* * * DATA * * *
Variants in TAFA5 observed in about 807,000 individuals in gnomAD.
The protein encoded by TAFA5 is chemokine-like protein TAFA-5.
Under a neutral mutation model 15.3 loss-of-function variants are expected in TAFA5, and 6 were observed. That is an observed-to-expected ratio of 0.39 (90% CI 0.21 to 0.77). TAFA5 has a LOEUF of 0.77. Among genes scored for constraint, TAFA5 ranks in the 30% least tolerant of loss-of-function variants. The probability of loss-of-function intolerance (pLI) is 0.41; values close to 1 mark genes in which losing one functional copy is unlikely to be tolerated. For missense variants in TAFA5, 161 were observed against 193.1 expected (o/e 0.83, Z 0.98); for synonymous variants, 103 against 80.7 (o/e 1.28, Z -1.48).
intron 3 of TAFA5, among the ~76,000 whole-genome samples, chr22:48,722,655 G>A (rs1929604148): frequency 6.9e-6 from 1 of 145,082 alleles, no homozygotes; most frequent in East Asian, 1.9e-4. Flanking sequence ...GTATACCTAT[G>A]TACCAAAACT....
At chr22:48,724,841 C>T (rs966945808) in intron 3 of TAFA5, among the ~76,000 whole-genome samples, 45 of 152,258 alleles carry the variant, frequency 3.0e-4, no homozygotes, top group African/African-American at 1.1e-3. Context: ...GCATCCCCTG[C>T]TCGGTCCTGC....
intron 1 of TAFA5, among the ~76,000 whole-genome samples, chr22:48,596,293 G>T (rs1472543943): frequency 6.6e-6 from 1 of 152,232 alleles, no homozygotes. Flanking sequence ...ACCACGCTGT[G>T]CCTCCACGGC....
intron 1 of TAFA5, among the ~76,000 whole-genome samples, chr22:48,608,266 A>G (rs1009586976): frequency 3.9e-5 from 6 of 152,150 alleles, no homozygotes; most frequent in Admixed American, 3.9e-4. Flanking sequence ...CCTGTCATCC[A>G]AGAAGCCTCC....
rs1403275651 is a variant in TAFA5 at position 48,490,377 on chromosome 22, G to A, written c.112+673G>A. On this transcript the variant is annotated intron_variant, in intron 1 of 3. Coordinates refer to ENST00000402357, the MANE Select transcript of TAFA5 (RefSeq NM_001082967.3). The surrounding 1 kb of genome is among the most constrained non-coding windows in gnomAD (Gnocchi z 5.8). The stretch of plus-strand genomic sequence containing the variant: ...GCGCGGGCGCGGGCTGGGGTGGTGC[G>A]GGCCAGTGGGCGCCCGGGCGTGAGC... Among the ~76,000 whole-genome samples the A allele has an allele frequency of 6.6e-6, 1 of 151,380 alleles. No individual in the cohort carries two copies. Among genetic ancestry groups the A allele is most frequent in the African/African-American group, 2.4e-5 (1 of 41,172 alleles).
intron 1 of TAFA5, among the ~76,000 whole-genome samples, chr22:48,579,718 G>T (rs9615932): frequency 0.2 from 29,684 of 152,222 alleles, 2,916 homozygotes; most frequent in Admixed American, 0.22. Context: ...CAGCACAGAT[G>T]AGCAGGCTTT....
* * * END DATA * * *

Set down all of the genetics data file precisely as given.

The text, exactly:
Variants in TAFA5 observed in about 807,000 individuals in gnomAD.
The protein encoded by TAFA5 is chemokine-like protein TAFA-5.
Under a neutral mutation model 15.3 loss-of-function variants are expected in TAFA5, and 6 were observed. That is an observed-to-expected ratio of 0.39 (90% CI 0.21 to 0.77). TAFA5 has a LOEUF of 0.77. Among genes scored for constraint, TAFA5 ranks in the 30% least tolerant of loss-of-function variants. The probability of loss-of-function intolerance (pLI) is 0.41; values close to 1 mark genes in which losing one functional copy is unlikely to be tolerated. For missense variants in TAFA5, 161 were observed against 193.1 expected (o/e 0.83, Z 0.98); for synonymous variants, 103 against 80.7 (o/e 1.28, Z -1.48).
intron 3 of TAFA5, among the ~76,000 whole-genome samples, chr22:48,722,655 G>A (rs1929604148): frequency 6.9e-6 from 1 of 145,082 alleles, no homozygotes; most frequent in East Asian, 1.9e-4. Flanking sequence ...GTATACCTAT[G>A]TACCAAAACT....
At chr22:48,724,841 C>T (rs966945808) in intron 3 of TAFA5, among the ~76,000 whole-genome samples, 45 of 152,258 alleles carry the variant, frequency 3.0e-4, no homozygotes, top group African/African-American at 1.1e-3. Context: ...GCATCCCCTG[C>T]TCGGTCCTGC....
intron 1 of TAFA5, among the ~76,000 whole-genome samples, chr22:48,596,293 G>T (rs1472543943): frequency 6.6e-6 from 1 of 152,232 alleles, no homozygotes. Flanking sequence ...ACCACGCTGT[G>T]CCTCCACGGC....
intron 1 of TAFA5, among the ~76,000 whole-genome samples, chr22:48,608,266 A>G (rs1009586976): frequency 3.9e-5 from 6 of 152,150 alleles, no homozygotes; most frequent in Admixed American, 3.9e-4. Flanking sequence ...CCTGTCATCC[A>G]AGAAGCCTCC....
rs1403275651 is a variant in TAFA5 at position 48,490,377 on chromosome 22, G to A, written c.112+673G>A. On this transcript the variant is annotated intron_variant, in intron 1 of 3. Coordinates refer to ENST00000402357, the MANE Select transcript of TAFA5 (RefSeq NM_001082967.3). The surrounding 1 kb of genome is among the most constrained non-coding windows in gnomAD (Gnocchi z 5.8). The stretch of plus-strand genomic sequence containing the variant: ...GCGCGGGCGCGGGCTGGGGTGGTGC[G>A]GGCCAGTGGGCGCCCGGGCGTGAGC... Among the ~76,000 whole-genome samples the A allele has an allele frequency of 6.6e-6, 1 of 151,380 alleles. No individual in the cohort carries two copies. Among genetic ancestry groups the A allele is most frequent in the African/African-American group, 2.4e-5 (1 of 41,172 alleles).
intron 1 of TAFA5, among the ~76,000 whole-genome samples, chr22:48,579,718 G>T (rs9615932): frequency 0.2 from 29,684 of 152,222 alleles, 2,916 homozygotes; most frequent in Admixed American, 0.22. Context: ...CAGCACAGAT[G>T]AGCAGGCTTT....